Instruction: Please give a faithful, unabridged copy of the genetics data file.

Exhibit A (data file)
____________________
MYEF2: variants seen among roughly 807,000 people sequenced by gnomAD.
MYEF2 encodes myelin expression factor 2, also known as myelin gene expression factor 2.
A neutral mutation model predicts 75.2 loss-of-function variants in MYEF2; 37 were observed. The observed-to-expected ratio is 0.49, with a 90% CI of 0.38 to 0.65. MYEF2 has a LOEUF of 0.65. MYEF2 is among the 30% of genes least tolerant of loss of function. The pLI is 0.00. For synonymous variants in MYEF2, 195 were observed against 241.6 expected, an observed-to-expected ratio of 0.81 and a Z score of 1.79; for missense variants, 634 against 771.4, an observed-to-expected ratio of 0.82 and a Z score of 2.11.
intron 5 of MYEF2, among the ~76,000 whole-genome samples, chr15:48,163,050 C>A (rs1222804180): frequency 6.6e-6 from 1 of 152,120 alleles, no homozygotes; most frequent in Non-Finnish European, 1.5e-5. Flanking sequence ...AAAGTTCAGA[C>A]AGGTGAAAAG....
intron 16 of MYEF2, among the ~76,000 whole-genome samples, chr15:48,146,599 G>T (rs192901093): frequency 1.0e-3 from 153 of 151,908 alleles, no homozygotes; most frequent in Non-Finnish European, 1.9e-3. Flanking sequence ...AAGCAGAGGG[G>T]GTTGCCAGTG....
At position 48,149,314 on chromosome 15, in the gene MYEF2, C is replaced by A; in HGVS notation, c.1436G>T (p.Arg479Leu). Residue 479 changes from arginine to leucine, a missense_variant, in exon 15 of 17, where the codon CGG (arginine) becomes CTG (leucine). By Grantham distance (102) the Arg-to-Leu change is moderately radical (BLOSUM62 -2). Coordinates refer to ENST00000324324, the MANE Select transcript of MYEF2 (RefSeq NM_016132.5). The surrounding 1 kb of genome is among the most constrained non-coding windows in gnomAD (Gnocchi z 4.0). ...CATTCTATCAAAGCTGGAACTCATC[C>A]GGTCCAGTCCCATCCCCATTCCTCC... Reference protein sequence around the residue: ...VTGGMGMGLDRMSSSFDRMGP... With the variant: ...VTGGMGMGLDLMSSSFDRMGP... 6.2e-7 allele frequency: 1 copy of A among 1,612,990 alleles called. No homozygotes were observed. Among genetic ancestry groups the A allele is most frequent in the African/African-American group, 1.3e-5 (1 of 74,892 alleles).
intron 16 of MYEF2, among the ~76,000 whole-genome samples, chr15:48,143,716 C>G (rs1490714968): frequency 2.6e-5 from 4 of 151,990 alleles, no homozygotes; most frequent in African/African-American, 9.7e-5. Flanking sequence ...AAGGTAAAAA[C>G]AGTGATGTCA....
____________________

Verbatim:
MYEF2: variants seen among roughly 807,000 people sequenced by gnomAD.
MYEF2 encodes myelin expression factor 2, also known as myelin gene expression factor 2.
A neutral mutation model predicts 75.2 loss-of-function variants in MYEF2; 37 were observed. The observed-to-expected ratio is 0.49, with a 90% CI of 0.38 to 0.65. MYEF2 has a LOEUF of 0.65. MYEF2 is among the 30% of genes least tolerant of loss of function. The pLI is 0.00. For synonymous variants in MYEF2, 195 were observed against 241.6 expected, an observed-to-expected ratio of 0.81 and a Z score of 1.79; for missense variants, 634 against 771.4, an observed-to-expected ratio of 0.82 and a Z score of 2.11.
intron 5 of MYEF2, among the ~76,000 whole-genome samples, chr15:48,163,050 C>A (rs1222804180): frequency 6.6e-6 from 1 of 152,120 alleles, no homozygotes; most frequent in Non-Finnish European, 1.5e-5. Flanking sequence ...AAAGTTCAGA[C>A]AGGTGAAAAG....
intron 16 of MYEF2, among the ~76,000 whole-genome samples, chr15:48,146,599 G>T (rs192901093): frequency 1.0e-3 from 153 of 151,908 alleles, no homozygotes; most frequent in Non-Finnish European, 1.9e-3. Flanking sequence ...AAGCAGAGGG[G>T]GTTGCCAGTG....
At position 48,149,314 on chromosome 15, in the gene MYEF2, C is replaced by A; in HGVS notation, c.1436G>T (p.Arg479Leu). Residue 479 changes from arginine to leucine, a missense_variant, in exon 15 of 17, where the codon CGG (arginine) becomes CTG (leucine). By Grantham distance (102) the Arg-to-Leu change is moderately radical (BLOSUM62 -2). Coordinates refer to ENST00000324324, the MANE Select transcript of MYEF2 (RefSeq NM_016132.5). The surrounding 1 kb of genome is among the most constrained non-coding windows in gnomAD (Gnocchi z 4.0). ...CATTCTATCAAAGCTGGAACTCATC[C>A]GGTCCAGTCCCATCCCCATTCCTCC... Reference protein sequence around the residue: ...VTGGMGMGLDRMSSSFDRMGP... With the variant: ...VTGGMGMGLDLMSSSFDRMGP... 6.2e-7 allele frequency: 1 copy of A among 1,612,990 alleles called. No homozygotes were observed. Among genetic ancestry groups the A allele is most frequent in the African/African-American group, 1.3e-5 (1 of 74,892 alleles).
intron 16 of MYEF2, among the ~76,000 whole-genome samples, chr15:48,143,716 C>G (rs1490714968): frequency 2.6e-5 from 4 of 151,990 alleles, no homozygotes; most frequent in African/African-American, 9.7e-5. Flanking sequence ...AAGGTAAAAA[C>G]AGTGATGTCA....